Lifestyle & Belief

Al Qaeda plots found in porn films

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A militant suspected of being a member of Al-Qaeda sits at a checkpoint in Azan in the southern Yemeni province of Shabwa.

Credit:

STR

This sounds like something out of an espionage thriller: German cryptologists revealed that hundreds of Al Qaeda documents relating future terror plots were found embedded in porn videos... discovered in the underpants of a 22-year-old Austrian named Maqsood Lodin.

The porn videos, titled "Kick Ass" and "Sexy Tanja," were apparently stored on memory cards and a digital storage device found on Lodin when he was questioned by the police in Berlin on May 16, 2011 on his way back from Pakistan, reported CNN.

The German newspaper Die Zeit originally reported on the documents, the details of which CNN obtained.

After taking several weeks to crack the password and software on the files, German investigators found more than 100 Al Qaeda documents including ambitious plots for attacks, including ideas to seize cruise ships or carry out coordinated shooting attacks like that carried out in Mumbai, India in November 2008, said CNN.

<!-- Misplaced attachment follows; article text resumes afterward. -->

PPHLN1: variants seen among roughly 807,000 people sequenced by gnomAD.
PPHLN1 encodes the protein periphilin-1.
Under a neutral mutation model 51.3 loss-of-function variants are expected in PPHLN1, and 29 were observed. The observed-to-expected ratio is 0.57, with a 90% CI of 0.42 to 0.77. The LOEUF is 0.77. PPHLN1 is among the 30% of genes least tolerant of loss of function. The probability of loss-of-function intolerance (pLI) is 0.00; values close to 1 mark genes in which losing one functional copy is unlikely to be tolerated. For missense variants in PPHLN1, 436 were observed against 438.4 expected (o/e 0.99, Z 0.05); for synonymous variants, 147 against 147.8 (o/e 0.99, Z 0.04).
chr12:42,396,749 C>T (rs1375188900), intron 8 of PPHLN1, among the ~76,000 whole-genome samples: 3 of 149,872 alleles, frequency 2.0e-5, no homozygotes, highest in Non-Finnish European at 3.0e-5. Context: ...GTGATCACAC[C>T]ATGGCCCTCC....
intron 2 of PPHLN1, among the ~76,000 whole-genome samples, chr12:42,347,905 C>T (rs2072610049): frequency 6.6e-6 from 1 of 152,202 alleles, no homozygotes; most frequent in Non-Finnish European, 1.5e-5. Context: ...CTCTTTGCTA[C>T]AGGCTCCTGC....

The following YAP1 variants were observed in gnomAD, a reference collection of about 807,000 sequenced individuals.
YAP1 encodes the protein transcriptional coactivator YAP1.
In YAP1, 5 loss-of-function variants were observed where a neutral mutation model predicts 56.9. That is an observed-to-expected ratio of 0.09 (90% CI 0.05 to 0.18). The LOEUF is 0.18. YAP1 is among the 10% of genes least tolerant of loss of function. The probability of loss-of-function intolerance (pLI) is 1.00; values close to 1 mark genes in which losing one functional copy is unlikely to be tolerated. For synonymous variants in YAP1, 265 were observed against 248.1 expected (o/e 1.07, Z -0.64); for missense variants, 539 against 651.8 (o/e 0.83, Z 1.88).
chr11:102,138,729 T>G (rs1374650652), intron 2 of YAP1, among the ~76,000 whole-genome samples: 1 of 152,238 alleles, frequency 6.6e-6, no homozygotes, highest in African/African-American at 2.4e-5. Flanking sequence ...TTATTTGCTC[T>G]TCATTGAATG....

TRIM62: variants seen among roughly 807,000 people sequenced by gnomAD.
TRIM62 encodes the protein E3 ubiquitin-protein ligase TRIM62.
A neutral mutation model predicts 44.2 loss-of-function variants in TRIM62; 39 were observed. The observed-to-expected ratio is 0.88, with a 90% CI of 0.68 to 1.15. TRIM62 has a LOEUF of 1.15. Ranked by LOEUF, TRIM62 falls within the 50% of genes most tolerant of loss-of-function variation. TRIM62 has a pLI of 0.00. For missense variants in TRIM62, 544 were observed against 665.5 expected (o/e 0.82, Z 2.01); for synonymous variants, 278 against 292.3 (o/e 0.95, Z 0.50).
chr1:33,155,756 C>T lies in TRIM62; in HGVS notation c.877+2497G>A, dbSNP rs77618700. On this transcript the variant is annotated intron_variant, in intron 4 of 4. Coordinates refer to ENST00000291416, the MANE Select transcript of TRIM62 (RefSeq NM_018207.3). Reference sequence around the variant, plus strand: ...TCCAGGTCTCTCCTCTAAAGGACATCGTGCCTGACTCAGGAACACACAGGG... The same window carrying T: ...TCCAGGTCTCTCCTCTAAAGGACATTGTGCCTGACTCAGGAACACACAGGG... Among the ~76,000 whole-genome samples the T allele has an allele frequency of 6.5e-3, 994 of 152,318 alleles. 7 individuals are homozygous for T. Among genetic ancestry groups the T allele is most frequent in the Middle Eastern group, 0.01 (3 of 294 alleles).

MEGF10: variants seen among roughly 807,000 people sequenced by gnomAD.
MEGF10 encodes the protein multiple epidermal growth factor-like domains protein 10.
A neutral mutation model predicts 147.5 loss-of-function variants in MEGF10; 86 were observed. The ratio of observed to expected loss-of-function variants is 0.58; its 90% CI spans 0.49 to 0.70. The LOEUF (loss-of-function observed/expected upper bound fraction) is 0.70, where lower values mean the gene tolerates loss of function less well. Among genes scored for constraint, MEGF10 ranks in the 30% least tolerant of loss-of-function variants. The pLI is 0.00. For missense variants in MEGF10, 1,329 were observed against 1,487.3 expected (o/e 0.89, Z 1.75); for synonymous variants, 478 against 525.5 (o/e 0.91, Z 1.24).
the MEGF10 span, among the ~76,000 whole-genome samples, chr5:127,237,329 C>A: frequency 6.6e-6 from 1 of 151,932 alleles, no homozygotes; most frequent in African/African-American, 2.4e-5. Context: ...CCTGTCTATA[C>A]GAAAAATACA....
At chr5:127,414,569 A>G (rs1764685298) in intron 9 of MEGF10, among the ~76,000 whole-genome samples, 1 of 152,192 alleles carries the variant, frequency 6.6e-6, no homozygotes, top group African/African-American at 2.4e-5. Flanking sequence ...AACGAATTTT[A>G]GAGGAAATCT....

The report comes on the one-year anniversary of Osama bin Laden's death, as Western officials seek to press the idea that Al Qaeda is weaker as an organization.

More on GlobalPost: Bin Laden's hideout papers to be published online

The former US Assistant Secretary of State, PJ Crowley, wrote in an opinion editorial on BBC, "A year after Bin Laden's demise, core al-Qaeda is struggling to survive as a coherent structure," adding, "Core al-Qaeda remains capable of inspiring others to act, but it is questionable whether it still retains the capacity to do in 2012 what it did in 2001."

John Miller, the former Deputy Director at the Office of the Director of National Intelligence, said about the recovered documents, "I think that's a fascinating set of documents there, because that's very operational stuff," according to CBS News. "If anything, bin Laden was a little bit isolated from that," he said.

More on GlobalPost: A year after bin Laden death, poll finds broad Muslim disapproval of Al Qaeda

Miller added that though valuable for intelligence, the documents also revealed that "Al Qaeda central running a large, complex 9/11 operation is pretty much a thing of the past. They are counting on the Internet propaganda and the lone wolves to kind of come together and do it for them in large measure," according to CBS News.

The Combating Terrorism Center, a think tank at the United States Military Academy at West Point, also plans to publish notes and letters found on bin Laden's compound online on Thursday, according to The Los Angeles Times.